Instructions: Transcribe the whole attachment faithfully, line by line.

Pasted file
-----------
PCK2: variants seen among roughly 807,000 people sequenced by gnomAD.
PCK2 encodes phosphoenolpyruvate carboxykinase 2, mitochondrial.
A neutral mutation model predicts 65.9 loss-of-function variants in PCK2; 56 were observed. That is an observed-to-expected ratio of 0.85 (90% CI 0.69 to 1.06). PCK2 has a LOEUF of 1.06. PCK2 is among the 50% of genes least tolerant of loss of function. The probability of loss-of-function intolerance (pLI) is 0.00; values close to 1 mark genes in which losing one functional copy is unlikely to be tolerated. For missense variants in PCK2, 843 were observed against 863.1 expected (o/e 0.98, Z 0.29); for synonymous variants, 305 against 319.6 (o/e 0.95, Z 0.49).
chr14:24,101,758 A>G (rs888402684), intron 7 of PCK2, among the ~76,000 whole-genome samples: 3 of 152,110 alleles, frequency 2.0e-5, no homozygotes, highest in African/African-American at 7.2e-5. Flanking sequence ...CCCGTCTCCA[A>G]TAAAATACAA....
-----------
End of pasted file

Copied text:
PCK2: variants seen among roughly 807,000 people sequenced by gnomAD.
PCK2 encodes phosphoenolpyruvate carboxykinase 2, mitochondrial.
A neutral mutation model predicts 65.9 loss-of-function variants in PCK2; 56 were observed. That is an observed-to-expected ratio of 0.85 (90% CI 0.69 to 1.06). PCK2 has a LOEUF of 1.06. PCK2 is among the 50% of genes least tolerant of loss of function. The probability of loss-of-function intolerance (pLI) is 0.00; values close to 1 mark genes in which losing one functional copy is unlikely to be tolerated. For missense variants in PCK2, 843 were observed against 863.1 expected (o/e 0.98, Z 0.29); for synonymous variants, 305 against 319.6 (o/e 0.95, Z 0.49).
chr14:24,101,758 A>G (rs888402684), intron 7 of PCK2, among the ~76,000 whole-genome samples: 3 of 152,110 alleles, frequency 2.0e-5, no homozygotes, highest in African/African-American at 7.2e-5. Flanking sequence ...CCCGTCTCCA[A>G]TAAAATACAA....